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(Kitco News) – The gold market is retracing some of its losses, pushing into neutral territory above $1,650 an ounce as activity in both the service and manufacturing sectors appear to be contracting.
On Monday, the S&P Global Flash US Composite PMI said its flash manufacturing PMI data fell to 49.9, down from September’s reading of 52. The data was worse than expected; according to consensus estimates, economists were looking for a reading around 51.0.
Meanwhile, activity in the service sector was weaker than expected, falling deeper into contraction territory at 46.6, down from the September reading of 49.3. Economists were looking for a print of around 49.6.
Although gold prices managed to attract some safe-haven buying momentum, there appears to be some sticky resistance around $1,650, keeping prices chained near that level. December gold futures last traded at $1,655.30 an ounce, roughly neutral on the day.
According to economists, the latest economic data continues to raise fears that the US economy is headed to a recession as rising interest rates slow the economy.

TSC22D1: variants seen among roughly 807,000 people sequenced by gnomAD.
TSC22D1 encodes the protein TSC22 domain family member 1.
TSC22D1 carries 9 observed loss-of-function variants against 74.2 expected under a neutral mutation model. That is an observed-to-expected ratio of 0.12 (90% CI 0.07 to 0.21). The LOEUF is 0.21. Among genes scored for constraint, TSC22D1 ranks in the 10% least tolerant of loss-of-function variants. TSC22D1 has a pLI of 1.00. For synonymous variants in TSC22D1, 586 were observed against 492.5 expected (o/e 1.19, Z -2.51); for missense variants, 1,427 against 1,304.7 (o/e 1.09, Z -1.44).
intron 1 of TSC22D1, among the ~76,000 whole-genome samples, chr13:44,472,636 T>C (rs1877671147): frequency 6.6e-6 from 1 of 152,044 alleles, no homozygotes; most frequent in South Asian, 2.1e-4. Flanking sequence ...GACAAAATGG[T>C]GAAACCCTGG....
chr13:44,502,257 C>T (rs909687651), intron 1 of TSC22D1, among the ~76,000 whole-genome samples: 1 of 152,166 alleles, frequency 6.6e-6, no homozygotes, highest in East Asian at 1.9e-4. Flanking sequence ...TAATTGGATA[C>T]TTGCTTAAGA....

The report noted that the drop within the service sector was the second fastest fall in nearly two-and-a-half years. The report said that demand has dropped due to weak client demand and the impact of rising inflation and higher interest rates.
Although inflation remains persistently high, Chris Williamson, chief business economist at S&P Global Market Intelligence, said the data points to further risk of a recession in the fourth quarter.
“The US economic downturn gathered significant momentum in October, while confidence in the outlook also deteriorated sharply. The decline was led by a downward lurch in services activity, fueled by the rising cost of living and tightening financial conditions,” he said in the report . “While output in manufacturing remains more resilient for now, October saw a steep drop in demand for goods, meaning current output is only being maintained by firms eating into backlogs of previously placed orders. Clearly this is unsustainable absent of a revival in demand, and it’s no surprise to see firms cutting back sharply on their input buying to prepare for lower output in coming months.”
Although the US economy continues to see slower growth, Williamson added that it does appear to be having an impact on inflation pressures, even as they remain persistently high.
“There are clearly signs that weakening demand is helping to moderate the overall rate of inflation, which should continue to fall in the coming months, especially if interest rates continue to rise,” he said.
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